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Iver johnson 32 top break

Discussion in 'Handguns: Revolvers' started by BuckWildM9, Dec 3, 2019.

  1. BuckWildM9

    BuckWildM9 Member

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    So in my endeavors at my local gun shop today i came across an iver johnson 32 top break. The lady said that it probably can be shot without a problem but is likely too old to shoot. I ended up getting it for a measly 78$ anyway. Lets be serious, id rather have a sketchy last chance gun than no last chance gun, am i right? Anyways, id love to hear everyones opinions, stories and knowledge on this little "broken butterfly" as my dad always called them. And if i should actually think about a little range time with it or if it should just be in a case.
     
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  2. Rex in OTZ

    Rex in OTZ Member

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    Its better to wear away than rust away.
    Id say fix it up and shoot that bad boy.
    You know if you dont post a photo It dont exist.
     
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  3. Monac

    Monac Member

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    These guns, even when new, were not easy to shoot well with because they had tiny sights, tiny grips, poor trigger pulls, possibly poor cylinder alignment, and so on. Now they are 95 years old, give or take 25 years. Look, I like guns, and the idea of getting a shooter for $78 appeals to me too, but, well, you get what you pay for.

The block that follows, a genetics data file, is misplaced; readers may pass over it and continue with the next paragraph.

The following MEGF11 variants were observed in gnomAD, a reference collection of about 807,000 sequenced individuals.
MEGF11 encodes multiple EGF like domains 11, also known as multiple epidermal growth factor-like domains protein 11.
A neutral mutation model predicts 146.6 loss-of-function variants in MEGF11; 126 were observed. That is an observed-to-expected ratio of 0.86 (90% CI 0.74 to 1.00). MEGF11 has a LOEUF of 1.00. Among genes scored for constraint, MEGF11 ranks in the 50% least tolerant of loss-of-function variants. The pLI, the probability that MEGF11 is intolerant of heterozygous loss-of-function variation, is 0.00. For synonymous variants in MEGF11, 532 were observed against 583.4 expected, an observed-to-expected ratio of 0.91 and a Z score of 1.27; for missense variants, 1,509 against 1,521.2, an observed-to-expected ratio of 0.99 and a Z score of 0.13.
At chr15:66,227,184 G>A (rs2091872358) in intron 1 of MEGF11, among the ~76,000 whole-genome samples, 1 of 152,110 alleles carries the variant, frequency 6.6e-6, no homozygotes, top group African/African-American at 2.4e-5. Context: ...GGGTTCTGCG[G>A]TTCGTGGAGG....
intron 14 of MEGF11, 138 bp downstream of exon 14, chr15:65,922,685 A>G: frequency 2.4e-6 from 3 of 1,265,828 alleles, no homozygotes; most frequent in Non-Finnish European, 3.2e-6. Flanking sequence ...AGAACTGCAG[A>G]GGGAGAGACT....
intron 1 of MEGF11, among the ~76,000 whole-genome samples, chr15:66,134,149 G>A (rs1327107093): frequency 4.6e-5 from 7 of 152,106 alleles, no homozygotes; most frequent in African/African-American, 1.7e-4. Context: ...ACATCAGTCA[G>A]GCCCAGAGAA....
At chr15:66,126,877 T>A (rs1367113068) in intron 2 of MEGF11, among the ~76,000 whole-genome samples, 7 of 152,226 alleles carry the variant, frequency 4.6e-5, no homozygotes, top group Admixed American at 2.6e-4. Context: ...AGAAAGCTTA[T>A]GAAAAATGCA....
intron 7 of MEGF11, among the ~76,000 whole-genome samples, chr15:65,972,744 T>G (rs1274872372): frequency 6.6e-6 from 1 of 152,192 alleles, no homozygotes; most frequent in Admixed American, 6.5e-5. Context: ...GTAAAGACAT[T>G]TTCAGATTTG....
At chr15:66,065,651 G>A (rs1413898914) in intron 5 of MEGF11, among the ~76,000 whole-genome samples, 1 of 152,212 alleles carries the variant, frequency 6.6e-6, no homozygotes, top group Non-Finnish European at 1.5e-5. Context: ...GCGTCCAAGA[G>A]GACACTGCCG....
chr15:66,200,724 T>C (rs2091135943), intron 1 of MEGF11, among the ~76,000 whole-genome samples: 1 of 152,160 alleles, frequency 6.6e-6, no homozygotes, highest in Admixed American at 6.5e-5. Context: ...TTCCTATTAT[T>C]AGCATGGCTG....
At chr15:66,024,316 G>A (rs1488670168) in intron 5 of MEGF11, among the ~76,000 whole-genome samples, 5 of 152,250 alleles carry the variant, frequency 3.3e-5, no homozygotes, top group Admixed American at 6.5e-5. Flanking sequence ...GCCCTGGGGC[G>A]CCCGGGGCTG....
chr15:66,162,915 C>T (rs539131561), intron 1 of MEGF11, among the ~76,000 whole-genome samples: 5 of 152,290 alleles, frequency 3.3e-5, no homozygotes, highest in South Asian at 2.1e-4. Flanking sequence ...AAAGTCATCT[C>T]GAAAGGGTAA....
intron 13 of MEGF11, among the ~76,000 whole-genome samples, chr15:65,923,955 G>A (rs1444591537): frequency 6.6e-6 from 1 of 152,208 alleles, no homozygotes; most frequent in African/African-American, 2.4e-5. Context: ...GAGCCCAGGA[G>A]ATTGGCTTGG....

And I may be showing my age here, but I have too much respect for my eyes, fingers, skin, and so on to risk them firing a $78 antique. The one thing you've got going for you is that 32 S&W is one of the most powerless cartridges on God's green earth (no, really - I think even 22 Short has more punch), which helps minimize the danger. Having it burst because yours may have been made for black-powder ammo but you are shooting smokeless in it is one thing, and might (or might not) take a while to happen. But with a revolver, there is also the problem of "timing", or cylinder alignment with the barrel. If it isn't right, the gun spits lead. Sometimes at you.

    OTOH, if this one is in good shape, you got a good deal from a collector's standpoint. Interest in this type of gun has been growing, because they are American-made and affordable. And it's not like $78 is a mountain of money. I hope you enjoy it!
     
    Last edited: Dec 3, 2019
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  4. mnrivrat

    mnrivrat Member

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    Look , there is no easy answer to the guns ability to function and shoot. These guns were made during the transition from black to smokeless powder. The metallurgy improved over the years. Either way if the gun is in good enough condition it can be fired using modern .32 S&W loads. They are loaded down in power just for that reason. The key is just in what condition the gun is. If you are unsure with your own ability to determine if it can be fired then find a local gunsmith. A shooting .32 S&W caliber gun is better than a sharp stick or harsh words.
     
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  5. Rex in OTZ

    Rex in OTZ Member

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    Well when you consider you can buy a new made brass frame .31 cap n ball revolver for $300? images.jpeg.jpg
     
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  6. commygun

    commygun Member

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    I love them. Like old railroad stations, they harken back to an early 20th century America that's getting harder to find. Plus, they have a nearly supernatural ability to shoot sideways...